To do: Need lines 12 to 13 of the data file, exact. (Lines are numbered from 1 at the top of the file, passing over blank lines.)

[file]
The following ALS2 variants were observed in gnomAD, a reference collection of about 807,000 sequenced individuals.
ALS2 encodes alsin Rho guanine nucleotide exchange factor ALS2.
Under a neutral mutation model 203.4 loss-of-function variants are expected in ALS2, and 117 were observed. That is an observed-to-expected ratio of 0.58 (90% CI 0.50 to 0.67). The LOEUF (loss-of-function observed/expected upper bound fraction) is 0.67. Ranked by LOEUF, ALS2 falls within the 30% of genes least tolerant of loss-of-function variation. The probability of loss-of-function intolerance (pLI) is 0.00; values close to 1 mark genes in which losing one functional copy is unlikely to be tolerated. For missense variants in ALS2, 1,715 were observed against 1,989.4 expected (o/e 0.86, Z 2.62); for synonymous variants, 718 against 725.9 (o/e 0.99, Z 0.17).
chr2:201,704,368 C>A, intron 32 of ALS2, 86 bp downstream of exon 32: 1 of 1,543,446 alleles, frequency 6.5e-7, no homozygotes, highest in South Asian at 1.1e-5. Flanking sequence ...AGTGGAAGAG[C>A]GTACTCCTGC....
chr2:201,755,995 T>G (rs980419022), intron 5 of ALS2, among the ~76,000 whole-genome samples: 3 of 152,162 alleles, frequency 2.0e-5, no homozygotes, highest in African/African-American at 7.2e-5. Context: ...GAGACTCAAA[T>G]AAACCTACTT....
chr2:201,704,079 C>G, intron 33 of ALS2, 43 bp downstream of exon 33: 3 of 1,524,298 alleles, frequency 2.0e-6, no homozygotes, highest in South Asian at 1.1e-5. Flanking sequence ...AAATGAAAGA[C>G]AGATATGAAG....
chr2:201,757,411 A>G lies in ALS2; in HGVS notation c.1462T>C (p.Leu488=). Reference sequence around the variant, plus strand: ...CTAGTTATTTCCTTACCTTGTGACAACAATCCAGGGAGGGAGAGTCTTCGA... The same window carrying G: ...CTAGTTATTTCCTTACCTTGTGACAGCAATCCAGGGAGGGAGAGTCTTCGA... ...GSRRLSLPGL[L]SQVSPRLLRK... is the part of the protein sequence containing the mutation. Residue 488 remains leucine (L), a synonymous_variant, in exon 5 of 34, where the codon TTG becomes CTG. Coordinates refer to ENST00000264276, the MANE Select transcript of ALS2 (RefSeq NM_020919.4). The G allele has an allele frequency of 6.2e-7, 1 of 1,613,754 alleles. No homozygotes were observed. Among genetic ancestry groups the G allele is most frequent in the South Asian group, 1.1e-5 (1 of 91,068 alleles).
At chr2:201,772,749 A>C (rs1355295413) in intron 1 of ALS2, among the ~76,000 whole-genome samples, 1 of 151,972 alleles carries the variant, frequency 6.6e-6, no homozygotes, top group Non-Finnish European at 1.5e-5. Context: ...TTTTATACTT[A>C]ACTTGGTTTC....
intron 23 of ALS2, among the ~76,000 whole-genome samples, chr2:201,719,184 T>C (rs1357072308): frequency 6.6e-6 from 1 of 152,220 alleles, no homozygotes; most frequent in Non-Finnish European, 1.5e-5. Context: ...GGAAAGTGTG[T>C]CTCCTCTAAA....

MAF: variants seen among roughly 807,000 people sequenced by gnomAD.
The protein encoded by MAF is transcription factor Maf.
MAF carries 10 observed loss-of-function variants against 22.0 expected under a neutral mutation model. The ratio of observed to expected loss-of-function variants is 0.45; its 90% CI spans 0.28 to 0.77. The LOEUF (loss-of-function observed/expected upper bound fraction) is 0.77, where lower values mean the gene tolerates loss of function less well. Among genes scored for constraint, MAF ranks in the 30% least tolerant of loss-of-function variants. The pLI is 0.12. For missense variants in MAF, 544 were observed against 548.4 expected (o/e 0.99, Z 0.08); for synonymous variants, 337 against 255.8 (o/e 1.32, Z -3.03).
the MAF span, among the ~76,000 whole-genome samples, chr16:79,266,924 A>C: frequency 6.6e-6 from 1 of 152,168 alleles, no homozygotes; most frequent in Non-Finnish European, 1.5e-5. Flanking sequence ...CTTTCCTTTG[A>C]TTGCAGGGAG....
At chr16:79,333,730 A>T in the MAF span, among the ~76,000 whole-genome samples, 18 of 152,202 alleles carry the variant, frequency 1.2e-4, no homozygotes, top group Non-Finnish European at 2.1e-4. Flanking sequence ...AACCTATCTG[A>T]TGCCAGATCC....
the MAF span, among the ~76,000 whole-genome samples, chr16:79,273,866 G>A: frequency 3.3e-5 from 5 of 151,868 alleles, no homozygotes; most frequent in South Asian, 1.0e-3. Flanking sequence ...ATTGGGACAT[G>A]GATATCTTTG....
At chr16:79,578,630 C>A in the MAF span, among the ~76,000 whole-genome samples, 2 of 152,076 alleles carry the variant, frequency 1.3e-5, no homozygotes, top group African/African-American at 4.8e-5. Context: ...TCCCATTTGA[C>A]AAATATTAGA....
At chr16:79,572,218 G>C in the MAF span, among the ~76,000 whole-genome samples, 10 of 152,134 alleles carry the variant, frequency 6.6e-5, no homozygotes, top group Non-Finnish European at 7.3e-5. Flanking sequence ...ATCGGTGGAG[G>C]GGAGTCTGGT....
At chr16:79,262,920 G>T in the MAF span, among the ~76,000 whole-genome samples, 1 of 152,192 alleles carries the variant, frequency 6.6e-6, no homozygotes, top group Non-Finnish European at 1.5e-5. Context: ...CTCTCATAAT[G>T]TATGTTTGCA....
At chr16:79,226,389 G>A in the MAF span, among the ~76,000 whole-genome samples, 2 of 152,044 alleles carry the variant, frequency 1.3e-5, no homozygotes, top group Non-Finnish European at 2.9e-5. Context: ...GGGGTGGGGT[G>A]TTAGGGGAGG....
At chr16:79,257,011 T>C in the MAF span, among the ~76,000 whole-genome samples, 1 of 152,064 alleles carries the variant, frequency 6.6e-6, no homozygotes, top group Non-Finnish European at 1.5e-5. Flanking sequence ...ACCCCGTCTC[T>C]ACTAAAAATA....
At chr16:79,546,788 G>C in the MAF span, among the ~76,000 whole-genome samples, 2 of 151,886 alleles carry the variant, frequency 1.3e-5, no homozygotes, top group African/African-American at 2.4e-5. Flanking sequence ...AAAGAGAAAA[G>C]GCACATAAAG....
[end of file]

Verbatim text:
MAF carries 10 observed loss-of-function variants against 22.0 expected under a neutral mutation model. The ratio of observed to expected loss-of-function variants is 0.45; its 90% CI spans 0.28 to 0.77. The LOEUF (loss-of-function observed/expected upper bound fraction) is 0.77, where lower values mean the gene tolerates loss of function less well. Among genes scored for constraint, MAF ranks in the 30% least tolerant of loss-of-function variants. The pLI is 0.12. For missense variants in MAF, 544 were observed against 548.4 expected (o/e 0.99, Z 0.08); for synonymous variants, 337 against 255.8 (o/e 1.32, Z -3.03).
the MAF span, among the ~76,000 whole-genome samples, chr16:79,266,924 A>C: frequency 6.6e-6 from 1 of 152,168 alleles, no homozygotes; most frequent in Non-Finnish European, 1.5e-5. Flanking sequence ...CTTTCCTTTG[A>C]TTGCAGGGAG....